BRYCE ON HISTORY
- 72 years ago, American flyers dropped bombs on Japan as retribution for Pearl Harbor.
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April 18th represents the anniversary of many key events in history; in 1906 it marked the destructive San Francisco earthquake and fire, Yankee Stadium opened in 1923 (“The House that Ruth Built”), in 1943 Japanese Admiral Yamamoto was shot down by American flyers over Bougainville, and in 1983 a suicide bomber destroyed the American embassy in Beirut, killing 63 people. To me though, April 18th primarily means one thing, the 1942 Doolittle Raid on Japan.
72 years ago today, Lieutenant Colonel James “Jimmy” Doolittle of the U.S. Army Air Forces (USAAF, the precursor to the U.S. Air Force), led an attack on industrial targets in Japan as retribution for the sneak attack on Pearl Harbor, just over four months earlier. Considering the state of our military at the time, it is amazing America was able to pull together this response in such a short period of time. Make no mistake though, this was done more for rallying the spirit of America as opposed to making a strategic knockout punch.
My fascination with the raid began as a young man, when I purchased the book, “Thirty Seconds Over Tokyo,” by Captain Ted W. Lawson (1943). This is the first book I purchased at my grammar school book fair. Like a lot of youths of the period, the early 1960′s, I wrote a book report on it. In 1944, the book was followed by a movie of the same name, starring Spencer Tracy and Van Johnson.
From the book, I developed a fascination with the B-25 “Mitchell” representing the sixteen aircraft used in the raid. It remains my favorite medium bomber from that era. Interestingly, it was named after General Billy Mitchell, a hero of mine who was an early pioneer of “air power.” As an aside, it was Mitchell who predicted the attack on Hawaii a full 17 years before it happened. Mitchell also foresaw the need for medium and heavy bombers.
I will not try to explain the story of the raid herein as it has already been well told in both print and film. Suffice it to say it was an imaginative and courageous effort to strike back at the Japanese war machine. The raiders were escorted to Japan aboard the USS Hornet, which they launched from when they got within range of Japan, a daring feat as bombers had never before flown off an aircraft carrier. The raiders carried out their bombing run on various targets in and around Tokyo, before making their escape to China (one group made it to the USSR where they were imprisoned for a year). Two groups were captured by the Japanese, with three men being tried for military crimes and executed, the others were imprisoned in a Japanese POW camp for over three years. A few perished as they tried to land in China, but most made their escape thanks to the Chinese. Because of this, the Japanese killed approximately 250,000 Chinese for assisting the Americans.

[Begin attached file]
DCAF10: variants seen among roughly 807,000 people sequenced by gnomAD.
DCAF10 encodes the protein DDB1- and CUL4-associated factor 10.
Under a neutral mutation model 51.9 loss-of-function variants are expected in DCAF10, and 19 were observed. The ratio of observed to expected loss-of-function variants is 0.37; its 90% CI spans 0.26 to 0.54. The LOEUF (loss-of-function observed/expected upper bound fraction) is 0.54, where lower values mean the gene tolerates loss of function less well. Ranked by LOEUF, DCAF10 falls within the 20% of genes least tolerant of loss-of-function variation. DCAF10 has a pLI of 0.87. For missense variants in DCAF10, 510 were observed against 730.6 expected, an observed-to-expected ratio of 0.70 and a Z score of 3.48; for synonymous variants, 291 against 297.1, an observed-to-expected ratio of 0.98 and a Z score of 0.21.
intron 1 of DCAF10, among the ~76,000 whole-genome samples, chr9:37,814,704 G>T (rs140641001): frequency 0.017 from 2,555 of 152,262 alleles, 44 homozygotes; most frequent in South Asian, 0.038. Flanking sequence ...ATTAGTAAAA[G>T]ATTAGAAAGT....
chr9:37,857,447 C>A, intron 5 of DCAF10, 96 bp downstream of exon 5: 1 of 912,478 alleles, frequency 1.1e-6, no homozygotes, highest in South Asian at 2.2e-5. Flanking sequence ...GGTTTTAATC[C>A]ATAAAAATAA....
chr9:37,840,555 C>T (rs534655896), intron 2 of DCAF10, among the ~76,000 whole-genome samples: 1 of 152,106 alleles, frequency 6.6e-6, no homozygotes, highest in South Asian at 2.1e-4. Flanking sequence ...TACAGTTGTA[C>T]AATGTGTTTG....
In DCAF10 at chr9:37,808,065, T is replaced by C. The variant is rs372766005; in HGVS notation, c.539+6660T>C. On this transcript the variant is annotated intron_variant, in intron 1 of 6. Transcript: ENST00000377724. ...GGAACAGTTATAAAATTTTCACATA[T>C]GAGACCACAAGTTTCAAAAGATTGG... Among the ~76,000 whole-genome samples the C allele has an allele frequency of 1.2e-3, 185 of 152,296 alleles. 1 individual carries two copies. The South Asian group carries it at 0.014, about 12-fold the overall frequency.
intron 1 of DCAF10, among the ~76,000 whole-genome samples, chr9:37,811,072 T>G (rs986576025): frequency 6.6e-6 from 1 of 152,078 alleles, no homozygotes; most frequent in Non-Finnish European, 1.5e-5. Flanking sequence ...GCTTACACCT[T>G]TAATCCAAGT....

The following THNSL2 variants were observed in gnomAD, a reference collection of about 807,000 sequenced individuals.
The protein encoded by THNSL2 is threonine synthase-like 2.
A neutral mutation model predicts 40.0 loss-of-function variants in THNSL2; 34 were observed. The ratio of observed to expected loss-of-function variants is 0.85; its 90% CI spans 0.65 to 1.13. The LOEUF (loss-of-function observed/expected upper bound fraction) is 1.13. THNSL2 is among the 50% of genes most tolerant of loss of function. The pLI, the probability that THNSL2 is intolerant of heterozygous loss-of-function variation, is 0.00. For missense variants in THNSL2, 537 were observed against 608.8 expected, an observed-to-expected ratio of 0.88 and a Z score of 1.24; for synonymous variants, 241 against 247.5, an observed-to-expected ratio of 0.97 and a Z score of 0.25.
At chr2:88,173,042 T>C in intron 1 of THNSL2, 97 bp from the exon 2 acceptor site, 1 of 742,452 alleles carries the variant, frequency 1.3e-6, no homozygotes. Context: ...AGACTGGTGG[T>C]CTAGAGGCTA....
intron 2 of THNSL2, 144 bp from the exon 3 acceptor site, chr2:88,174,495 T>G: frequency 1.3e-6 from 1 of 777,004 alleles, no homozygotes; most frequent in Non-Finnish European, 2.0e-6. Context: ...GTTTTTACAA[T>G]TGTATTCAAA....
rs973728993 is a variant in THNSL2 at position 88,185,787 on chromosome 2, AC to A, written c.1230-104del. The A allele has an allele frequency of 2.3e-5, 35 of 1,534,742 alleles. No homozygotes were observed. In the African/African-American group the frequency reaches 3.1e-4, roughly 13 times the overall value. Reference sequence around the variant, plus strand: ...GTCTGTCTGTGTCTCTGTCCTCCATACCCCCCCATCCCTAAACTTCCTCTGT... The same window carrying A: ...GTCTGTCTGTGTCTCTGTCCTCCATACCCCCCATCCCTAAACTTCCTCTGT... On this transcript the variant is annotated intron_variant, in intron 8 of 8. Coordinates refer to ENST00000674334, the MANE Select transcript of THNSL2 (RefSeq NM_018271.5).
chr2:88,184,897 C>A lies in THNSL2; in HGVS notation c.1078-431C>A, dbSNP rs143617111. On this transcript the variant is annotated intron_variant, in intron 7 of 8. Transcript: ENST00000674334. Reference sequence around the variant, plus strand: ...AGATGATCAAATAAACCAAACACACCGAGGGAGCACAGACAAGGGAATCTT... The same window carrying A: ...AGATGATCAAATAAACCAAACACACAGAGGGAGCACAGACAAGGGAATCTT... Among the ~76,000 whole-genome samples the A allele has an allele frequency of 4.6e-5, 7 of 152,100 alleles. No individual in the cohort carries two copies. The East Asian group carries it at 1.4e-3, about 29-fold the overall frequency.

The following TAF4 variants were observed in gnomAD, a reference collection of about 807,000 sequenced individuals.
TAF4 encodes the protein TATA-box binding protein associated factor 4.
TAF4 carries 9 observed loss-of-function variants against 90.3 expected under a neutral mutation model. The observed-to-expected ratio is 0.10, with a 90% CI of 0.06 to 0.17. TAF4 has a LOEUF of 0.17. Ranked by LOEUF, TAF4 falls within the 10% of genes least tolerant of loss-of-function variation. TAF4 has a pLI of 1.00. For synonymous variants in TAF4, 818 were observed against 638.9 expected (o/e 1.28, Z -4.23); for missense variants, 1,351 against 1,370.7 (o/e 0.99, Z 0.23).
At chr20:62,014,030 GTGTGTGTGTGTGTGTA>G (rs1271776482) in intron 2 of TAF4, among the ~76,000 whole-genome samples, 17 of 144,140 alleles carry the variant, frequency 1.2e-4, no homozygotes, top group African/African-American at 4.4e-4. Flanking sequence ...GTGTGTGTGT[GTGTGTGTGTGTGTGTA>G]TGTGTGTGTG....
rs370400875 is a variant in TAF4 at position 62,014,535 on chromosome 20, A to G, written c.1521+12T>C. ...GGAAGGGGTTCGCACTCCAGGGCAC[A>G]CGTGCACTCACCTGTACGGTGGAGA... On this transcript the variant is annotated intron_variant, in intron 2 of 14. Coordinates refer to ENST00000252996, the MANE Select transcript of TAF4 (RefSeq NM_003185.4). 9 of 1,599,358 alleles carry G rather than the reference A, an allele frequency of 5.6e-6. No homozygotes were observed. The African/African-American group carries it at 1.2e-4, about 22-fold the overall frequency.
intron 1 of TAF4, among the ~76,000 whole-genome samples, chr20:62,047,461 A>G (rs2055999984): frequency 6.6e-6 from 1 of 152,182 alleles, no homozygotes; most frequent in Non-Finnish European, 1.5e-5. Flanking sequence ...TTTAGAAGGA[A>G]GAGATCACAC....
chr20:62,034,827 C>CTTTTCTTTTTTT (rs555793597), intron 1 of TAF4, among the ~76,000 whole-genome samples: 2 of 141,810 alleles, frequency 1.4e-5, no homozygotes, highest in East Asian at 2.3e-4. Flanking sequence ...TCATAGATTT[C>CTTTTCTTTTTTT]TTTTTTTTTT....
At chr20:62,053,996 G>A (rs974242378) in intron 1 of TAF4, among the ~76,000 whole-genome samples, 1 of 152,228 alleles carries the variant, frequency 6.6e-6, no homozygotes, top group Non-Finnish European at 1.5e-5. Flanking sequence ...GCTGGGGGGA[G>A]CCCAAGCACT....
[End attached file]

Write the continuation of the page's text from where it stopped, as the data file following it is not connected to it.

Of the 80 men participating in the raid, only four survive to date, one of which is approaching 99 years of age (Richard “Dick” Cole). Over the years, the raiders held many reunions. Following the war, the citizens of Tucson, Arizona made a presentation of 80 sterling goblets to the group so the raiders could toast each other, both living and passed. A bottle of cognac accompanies the goblets for the last two remaining raiders to open and enjoy. The raiders no longer hold reunions as they have become old and frail, and the goblets are now maintained at the United States Air Force Academy in Colorado Springs.
As an aside, there is now an effort underway to award the Congressional Gold Medal to the raiders before the last few pass away. For information, see “The Doolittle Tokyo Raiders.” The group needs your support.
Following Pearl Harbor, President Roosevelt was looking for a way to lift the morale of the American people. He also wanted to send a message to the Japanese people that they were not as invulnerable as their government would have them believe. Navy Captain Francis Low, the Assistant Chief of Staff for anti-submarine warfare, was credited with the idea for launching bombers off of aircraft carriers. The plan was developed and implemented by Colonel Doolittle, a well known and respected aviator prior to the war.
The mission was bold, imaginative, inspirational, and achieved its goals. The raid caused nominal material destruction on Japan, nothing like the extensive daylight and evening bombings of Europe. However, it achieved the psychological objectives Roosevelt was hoping for, such as lifting the spirits of Americans while planting the seeds of doubt in the Japanese.
I write about the Doolittle Raid for two reasons: as a history lesson for our youth, and to remind us that we could use such ingenuity and courage today.
Keep the Faith!
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Tim Bryce is a writer and the Managing Director of M&JB Investment Company (M&JB) of Palm Harbor, Florida and has over 30 years of experience in the management consulting field. He can be reached at firstname.lastname@example.org
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Copyright © 2014 by Tim Bryce. All rights reserved.
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